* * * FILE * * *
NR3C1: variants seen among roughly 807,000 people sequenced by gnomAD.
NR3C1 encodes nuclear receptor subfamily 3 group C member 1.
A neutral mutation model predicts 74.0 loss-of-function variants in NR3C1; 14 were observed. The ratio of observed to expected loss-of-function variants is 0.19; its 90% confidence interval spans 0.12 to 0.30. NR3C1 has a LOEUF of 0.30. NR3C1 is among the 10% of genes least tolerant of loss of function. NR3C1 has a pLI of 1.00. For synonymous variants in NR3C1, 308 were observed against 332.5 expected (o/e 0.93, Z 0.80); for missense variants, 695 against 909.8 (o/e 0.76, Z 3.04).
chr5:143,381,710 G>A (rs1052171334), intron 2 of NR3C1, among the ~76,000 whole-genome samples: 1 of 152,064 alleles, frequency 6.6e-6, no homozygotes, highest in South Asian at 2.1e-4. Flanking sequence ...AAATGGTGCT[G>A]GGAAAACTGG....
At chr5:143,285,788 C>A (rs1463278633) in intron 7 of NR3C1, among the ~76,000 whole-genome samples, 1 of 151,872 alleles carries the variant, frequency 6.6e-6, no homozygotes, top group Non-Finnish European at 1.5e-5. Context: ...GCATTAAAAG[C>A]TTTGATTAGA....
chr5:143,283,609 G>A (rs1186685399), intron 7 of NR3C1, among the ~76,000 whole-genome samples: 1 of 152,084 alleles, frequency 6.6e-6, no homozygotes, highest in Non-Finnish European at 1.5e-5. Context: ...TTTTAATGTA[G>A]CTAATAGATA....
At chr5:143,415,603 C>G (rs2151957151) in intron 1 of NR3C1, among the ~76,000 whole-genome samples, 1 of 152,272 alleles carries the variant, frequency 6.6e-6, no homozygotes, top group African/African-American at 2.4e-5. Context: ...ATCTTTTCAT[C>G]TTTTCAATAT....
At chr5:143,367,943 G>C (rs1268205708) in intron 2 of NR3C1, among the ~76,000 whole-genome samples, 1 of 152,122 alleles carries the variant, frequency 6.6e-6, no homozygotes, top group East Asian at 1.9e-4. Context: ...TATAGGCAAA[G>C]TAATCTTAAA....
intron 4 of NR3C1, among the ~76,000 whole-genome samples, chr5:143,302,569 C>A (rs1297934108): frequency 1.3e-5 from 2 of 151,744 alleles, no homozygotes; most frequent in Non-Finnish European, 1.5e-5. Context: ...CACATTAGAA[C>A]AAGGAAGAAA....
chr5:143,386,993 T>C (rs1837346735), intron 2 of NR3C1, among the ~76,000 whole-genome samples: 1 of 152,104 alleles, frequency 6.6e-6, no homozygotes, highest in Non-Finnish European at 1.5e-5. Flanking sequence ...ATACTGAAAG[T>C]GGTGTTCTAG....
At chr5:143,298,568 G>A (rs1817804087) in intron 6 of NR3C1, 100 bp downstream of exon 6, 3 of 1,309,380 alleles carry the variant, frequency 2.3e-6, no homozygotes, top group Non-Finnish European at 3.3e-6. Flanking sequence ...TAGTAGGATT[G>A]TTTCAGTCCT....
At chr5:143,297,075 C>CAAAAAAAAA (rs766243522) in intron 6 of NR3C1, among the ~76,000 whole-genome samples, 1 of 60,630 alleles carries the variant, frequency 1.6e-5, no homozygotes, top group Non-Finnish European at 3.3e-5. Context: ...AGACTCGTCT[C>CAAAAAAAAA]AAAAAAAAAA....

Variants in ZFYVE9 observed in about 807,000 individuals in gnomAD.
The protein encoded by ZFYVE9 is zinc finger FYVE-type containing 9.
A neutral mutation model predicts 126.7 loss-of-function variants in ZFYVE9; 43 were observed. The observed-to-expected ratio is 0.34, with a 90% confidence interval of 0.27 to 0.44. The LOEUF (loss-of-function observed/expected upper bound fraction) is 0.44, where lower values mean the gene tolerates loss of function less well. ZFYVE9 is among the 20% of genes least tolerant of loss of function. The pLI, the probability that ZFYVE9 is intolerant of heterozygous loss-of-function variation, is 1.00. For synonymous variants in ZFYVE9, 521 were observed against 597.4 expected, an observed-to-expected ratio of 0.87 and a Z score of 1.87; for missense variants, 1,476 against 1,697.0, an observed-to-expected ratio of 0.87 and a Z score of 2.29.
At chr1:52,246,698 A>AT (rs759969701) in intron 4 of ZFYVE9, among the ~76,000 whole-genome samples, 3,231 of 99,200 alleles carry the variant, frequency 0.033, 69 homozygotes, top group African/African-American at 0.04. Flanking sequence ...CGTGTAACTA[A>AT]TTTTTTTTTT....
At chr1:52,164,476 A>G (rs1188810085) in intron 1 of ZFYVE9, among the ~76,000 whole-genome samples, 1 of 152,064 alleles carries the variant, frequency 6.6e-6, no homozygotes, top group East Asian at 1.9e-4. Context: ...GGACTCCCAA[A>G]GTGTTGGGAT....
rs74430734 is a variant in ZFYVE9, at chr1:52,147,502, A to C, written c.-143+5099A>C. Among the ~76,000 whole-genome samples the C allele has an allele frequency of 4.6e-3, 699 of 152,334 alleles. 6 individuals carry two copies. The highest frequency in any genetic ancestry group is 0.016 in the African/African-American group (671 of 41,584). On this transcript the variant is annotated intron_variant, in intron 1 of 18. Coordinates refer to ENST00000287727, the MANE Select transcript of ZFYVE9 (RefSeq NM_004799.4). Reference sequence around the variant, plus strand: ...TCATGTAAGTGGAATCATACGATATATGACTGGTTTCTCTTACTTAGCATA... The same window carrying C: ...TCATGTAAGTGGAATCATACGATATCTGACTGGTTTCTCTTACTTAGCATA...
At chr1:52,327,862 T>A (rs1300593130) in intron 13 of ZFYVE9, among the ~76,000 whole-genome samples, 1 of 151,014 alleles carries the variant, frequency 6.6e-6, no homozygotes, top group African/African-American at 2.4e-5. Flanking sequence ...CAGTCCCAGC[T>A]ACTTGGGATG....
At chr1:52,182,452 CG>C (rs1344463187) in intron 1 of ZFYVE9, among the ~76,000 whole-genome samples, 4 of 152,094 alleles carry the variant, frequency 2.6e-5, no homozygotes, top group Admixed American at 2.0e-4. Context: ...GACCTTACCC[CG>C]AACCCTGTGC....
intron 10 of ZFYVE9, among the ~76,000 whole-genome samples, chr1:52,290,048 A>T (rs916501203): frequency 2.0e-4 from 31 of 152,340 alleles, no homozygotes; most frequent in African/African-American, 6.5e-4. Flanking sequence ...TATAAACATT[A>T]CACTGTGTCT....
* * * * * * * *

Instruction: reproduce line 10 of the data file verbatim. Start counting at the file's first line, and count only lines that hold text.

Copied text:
chr5:143,386,993 T>C (rs1837346735), intron 2 of NR3C1, among the ~76,000 whole-genome samples: 1 of 152,104 alleles, frequency 6.6e-6, no homozygotes, highest in Non-Finnish European at 1.5e-5. Flanking sequence ...ATACTGAAAG[T>C]GGTGTTCTAG....